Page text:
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SIDS Linked to Asphyxiation

University of Adelaide researchers have found that telltale signs in the brains of babies that have died of SIDS are remarkably similar to those of children who died of accidental asphyxiation.

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“This is a very important result. It helps to show that asphyxia rather than infection or trauma is more likely to be involved in SIDS deaths,” says Prof Roger Byard of the University of Adelaide.

The study compared 176 children who died from head trauma, infection, drowning, asphyxia and SIDS, with researchers looking at the presence and distribution of β-amyloid precursor protein (APP) in the brain.

“All 48 of the SIDS deaths we looked at showed APP staining in the brain,” Byard says. “The pattern of APP staining in SIDS cases – both the amount and distribution of the staining – was very similar to those in children who had died from asphyxia.”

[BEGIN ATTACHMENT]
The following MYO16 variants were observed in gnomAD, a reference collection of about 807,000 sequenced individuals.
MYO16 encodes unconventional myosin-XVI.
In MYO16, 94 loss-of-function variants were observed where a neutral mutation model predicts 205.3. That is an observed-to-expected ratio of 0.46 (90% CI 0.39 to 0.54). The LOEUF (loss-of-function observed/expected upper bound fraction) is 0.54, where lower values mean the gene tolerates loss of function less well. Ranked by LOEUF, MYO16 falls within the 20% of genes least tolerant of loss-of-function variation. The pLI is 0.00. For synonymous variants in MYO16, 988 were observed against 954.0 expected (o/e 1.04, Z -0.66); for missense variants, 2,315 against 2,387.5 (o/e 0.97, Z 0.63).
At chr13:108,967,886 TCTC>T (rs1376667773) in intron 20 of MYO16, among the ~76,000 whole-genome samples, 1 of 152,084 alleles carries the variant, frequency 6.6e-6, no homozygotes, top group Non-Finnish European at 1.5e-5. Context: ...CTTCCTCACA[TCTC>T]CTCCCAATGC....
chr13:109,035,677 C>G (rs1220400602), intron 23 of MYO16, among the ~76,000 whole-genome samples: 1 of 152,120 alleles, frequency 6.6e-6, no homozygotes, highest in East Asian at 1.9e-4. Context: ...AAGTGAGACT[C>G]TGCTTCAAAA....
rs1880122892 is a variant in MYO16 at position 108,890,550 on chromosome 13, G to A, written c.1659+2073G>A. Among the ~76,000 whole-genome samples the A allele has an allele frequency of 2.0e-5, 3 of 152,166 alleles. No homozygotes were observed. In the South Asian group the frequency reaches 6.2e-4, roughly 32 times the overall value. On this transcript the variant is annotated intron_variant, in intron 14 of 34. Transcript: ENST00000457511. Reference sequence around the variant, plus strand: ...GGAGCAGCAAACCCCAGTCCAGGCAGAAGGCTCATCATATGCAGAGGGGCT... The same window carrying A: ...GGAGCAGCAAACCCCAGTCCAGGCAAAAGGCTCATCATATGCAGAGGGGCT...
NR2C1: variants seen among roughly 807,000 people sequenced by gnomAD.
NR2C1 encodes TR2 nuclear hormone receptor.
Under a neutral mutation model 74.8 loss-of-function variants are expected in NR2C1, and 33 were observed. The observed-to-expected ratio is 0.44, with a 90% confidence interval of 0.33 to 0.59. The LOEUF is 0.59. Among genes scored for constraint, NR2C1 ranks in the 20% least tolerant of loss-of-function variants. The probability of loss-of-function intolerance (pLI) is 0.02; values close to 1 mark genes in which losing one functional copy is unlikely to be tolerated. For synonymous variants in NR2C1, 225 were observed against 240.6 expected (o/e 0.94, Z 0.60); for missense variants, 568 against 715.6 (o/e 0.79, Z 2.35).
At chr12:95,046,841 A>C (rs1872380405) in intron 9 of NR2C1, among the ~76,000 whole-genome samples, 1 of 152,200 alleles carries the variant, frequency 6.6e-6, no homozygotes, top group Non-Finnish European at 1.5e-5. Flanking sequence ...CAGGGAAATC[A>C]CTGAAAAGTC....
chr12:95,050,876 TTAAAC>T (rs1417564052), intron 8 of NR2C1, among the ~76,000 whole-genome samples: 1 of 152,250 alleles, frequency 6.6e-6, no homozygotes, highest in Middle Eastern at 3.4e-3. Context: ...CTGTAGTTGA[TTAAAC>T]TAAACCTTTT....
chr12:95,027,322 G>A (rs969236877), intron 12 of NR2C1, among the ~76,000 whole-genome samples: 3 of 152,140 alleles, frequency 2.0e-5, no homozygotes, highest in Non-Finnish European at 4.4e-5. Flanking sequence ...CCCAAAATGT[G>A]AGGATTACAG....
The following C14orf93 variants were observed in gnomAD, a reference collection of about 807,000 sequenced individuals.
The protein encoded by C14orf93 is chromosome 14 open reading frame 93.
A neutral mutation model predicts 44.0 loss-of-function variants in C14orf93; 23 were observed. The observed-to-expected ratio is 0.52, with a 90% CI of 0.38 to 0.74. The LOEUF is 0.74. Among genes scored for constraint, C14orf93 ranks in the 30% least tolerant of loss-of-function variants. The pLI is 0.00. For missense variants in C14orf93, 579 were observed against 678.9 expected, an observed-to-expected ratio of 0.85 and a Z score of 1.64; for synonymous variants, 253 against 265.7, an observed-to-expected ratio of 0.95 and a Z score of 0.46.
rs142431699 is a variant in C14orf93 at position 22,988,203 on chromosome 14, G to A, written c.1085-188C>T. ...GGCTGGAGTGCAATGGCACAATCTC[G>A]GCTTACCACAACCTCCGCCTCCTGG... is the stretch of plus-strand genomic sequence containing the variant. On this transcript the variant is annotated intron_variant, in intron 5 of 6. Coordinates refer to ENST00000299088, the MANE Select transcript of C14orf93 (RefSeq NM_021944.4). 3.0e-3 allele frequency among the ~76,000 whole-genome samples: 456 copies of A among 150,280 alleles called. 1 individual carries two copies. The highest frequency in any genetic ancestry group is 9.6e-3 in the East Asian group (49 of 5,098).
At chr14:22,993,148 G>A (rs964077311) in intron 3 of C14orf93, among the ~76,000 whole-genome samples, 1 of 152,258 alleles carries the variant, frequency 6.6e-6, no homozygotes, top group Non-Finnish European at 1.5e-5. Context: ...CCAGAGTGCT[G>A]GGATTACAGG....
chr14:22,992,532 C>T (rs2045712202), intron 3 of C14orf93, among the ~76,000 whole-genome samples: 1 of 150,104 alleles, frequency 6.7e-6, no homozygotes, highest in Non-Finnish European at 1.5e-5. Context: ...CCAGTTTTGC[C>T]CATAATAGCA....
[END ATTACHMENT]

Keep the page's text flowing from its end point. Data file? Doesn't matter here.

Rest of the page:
In one case, the presence of APP staining in a baby who had died of SIDS led to the identification of a significant sleep apnoea problem in the deceased baby’s sibling. “This raised the possibility of an inherited sleep apnoea problem, and this knowledge could be enough to help save a child's life," Byard says.

“Because of the remarkable similarity in SIDS and asphyxia cases, the question is now: is there an asphyxia-based mechanism of death in SIDS? We don't know the answer to that yet, but it looks very promising.”

The results have been published in Neuropathology and Applied Neurobiology.

The full text of this article can be purchased from Informit.